These forms interpret evolutionary change as based on the accumulation of evidence-based knowledge. Conversely, many instances of evidence-based knowledge found in nature are describable using this mathematics. We might speculate that all forms of knowledge accumulation found in nature may eventually find accommodation within this paradigm. Certainly, the theorem proved by Cox identifies Bayesian inference as the unique method by which models may be updated with evidence.

Inductive inference is the only process known to us by which essentially new knowledge comes into the world. Of course he was referring to experimental design and considered it unnecessary to specify that he was referring only to human knowledge. Probably he assumed that no other repositories of knowledge exist. The stage may now be set for us to understand his assertion as literally true in its full generality. Ultimately the scope and interpretation of universal Darwinism, the study of phenomena which undergoes evolutionary change, will depend on the mathematical model underlying it.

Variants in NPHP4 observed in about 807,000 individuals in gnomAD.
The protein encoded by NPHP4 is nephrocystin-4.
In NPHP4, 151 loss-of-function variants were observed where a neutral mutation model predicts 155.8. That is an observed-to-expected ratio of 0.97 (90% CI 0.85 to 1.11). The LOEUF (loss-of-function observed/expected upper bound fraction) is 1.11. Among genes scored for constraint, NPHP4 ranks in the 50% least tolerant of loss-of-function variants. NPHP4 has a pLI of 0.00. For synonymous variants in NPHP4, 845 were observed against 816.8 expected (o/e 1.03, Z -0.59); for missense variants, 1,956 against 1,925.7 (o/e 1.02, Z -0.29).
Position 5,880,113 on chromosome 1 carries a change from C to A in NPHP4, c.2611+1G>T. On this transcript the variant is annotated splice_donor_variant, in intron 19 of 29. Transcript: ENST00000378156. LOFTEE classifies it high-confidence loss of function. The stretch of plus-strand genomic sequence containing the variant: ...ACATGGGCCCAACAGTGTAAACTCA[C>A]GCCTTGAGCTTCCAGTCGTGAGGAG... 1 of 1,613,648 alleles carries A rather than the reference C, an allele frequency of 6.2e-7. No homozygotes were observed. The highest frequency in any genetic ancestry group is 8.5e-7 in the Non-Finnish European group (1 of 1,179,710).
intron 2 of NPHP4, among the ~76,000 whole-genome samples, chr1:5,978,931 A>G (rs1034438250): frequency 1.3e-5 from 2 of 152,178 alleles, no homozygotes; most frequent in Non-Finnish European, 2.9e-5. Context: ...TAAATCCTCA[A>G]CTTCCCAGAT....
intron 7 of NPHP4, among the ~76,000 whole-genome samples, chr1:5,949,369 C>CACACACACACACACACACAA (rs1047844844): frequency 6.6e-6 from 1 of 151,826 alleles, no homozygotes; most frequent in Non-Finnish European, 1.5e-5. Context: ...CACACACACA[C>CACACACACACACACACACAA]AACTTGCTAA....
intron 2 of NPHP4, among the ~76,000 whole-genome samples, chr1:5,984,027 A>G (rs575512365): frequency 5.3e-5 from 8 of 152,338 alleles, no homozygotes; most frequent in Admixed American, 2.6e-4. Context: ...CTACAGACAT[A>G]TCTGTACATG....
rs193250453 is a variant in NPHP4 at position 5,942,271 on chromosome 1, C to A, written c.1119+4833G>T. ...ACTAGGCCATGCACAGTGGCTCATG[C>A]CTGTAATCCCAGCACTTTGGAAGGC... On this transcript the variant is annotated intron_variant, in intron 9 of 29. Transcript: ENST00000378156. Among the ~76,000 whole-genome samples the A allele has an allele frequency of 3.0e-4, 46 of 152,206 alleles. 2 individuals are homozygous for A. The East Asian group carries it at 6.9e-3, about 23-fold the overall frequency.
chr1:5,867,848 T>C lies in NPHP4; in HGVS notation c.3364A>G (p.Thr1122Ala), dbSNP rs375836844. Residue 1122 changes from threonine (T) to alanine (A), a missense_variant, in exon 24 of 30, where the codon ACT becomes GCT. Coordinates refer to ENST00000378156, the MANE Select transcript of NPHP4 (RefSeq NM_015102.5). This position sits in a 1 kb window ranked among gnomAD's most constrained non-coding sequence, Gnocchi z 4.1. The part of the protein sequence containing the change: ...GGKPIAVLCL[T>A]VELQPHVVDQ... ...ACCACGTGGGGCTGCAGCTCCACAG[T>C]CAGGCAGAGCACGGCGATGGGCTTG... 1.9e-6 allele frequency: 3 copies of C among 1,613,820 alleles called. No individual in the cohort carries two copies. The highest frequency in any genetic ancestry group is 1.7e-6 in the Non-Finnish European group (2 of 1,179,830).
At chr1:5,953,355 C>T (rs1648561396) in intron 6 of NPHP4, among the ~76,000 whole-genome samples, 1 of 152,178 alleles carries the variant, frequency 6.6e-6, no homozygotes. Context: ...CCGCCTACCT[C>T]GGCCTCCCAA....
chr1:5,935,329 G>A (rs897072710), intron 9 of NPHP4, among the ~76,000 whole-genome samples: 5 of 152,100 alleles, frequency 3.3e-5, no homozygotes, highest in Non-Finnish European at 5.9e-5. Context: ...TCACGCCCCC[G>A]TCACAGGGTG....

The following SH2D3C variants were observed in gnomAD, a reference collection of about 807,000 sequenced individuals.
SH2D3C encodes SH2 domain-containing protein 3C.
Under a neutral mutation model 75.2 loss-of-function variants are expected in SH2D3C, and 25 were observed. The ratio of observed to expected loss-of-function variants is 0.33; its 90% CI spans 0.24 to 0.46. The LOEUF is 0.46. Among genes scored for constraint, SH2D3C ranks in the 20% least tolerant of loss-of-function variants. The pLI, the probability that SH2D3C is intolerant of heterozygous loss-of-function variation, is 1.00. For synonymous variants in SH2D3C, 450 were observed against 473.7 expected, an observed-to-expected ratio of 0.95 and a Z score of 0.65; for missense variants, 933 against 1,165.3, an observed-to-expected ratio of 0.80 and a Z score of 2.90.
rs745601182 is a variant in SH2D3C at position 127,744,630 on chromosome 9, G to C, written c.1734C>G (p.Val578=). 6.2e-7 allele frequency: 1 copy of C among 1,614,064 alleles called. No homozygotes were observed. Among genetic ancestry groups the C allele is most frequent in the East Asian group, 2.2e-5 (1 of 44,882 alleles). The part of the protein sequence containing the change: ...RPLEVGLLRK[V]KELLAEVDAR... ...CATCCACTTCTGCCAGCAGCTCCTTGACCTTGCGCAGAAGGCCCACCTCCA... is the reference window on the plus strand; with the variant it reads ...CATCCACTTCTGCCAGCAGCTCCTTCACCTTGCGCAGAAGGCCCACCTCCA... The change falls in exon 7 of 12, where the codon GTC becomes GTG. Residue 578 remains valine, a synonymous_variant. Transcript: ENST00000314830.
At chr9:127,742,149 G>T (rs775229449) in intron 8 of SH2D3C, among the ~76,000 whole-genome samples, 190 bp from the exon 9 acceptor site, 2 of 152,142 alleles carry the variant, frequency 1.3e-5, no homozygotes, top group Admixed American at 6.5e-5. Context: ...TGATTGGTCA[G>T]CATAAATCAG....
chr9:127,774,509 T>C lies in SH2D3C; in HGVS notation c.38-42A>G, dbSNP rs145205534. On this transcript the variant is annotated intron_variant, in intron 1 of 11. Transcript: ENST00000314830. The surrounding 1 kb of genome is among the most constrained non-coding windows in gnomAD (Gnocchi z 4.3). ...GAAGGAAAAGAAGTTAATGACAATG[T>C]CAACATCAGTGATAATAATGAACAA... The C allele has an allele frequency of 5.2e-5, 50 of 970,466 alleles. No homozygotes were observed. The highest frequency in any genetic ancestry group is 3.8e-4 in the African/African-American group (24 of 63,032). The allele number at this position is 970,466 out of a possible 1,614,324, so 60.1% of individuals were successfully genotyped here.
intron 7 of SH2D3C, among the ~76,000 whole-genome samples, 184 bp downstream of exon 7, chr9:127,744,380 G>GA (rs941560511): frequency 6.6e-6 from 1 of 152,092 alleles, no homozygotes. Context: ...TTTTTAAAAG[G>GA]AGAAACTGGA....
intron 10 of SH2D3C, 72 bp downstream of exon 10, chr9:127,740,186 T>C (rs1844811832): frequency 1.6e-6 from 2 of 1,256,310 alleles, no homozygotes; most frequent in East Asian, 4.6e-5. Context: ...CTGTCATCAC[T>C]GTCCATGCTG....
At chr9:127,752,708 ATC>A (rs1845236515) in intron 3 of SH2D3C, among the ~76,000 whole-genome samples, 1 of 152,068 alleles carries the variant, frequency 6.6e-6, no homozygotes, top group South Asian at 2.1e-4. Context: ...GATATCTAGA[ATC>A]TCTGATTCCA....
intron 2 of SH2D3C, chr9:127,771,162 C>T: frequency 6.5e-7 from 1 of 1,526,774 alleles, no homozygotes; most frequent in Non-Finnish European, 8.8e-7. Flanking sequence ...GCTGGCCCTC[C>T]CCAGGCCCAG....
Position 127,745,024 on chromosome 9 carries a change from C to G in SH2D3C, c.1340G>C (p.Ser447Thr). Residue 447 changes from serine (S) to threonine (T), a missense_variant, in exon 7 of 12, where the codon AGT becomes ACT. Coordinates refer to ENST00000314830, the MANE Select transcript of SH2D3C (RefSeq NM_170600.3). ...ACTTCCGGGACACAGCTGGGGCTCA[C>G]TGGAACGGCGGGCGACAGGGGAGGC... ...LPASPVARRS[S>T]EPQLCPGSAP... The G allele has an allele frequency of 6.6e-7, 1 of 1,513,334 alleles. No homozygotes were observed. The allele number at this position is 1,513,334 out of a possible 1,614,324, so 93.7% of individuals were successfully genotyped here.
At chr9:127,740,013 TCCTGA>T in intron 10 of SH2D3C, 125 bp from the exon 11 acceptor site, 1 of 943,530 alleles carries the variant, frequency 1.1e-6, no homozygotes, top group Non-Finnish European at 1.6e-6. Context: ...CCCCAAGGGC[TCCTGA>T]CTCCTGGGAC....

Those phenomena which are accurately and economically described by the mathematics must be judged to be within the scope of universal Darwinism. Given the great generality and substrate independence of current mathematical models, a unification of a wide range of scientific subject matters within this single paradigm may be possible. The author confirms being the sole contributor of this work and approved it for publication.

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The author declares that the research was conducted in the absence of any commercial or financial relationships that could be construed as a potential conflict of interest. I appreciate discussions with Karl Friston clarifying the role of the free energy minimization principle in evolutionary change. Relative entropy in biological systems.

The interplay of bayesian and frequentist analysis. Quantum Darwinism as a Darwinian process.

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## Universal Darwinism

The New American Library. The Autobiography of Charles Darwin Cambridge University Press , 45— Evolution and the Meanings of Life.

- [] Universal Darwinism as a process of Bayesian inference?
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Selectionist and evolutionary approaches to brain function: The Genetical Theory of Natural Selection. The Design of Experiments, 9th Edn. Selection versus transmission and the levels of selection. How to read the fundamental equations of evolutionary change in terms of information theory. The free energy principle: Life as we know it. Typical laws of heredity.

## About Universal Darwinism

Cosmological natural selection and the purpose of the universe. A framework for the unification of the behavioral sciences. The Replicator Equation as an Inference Dynamic.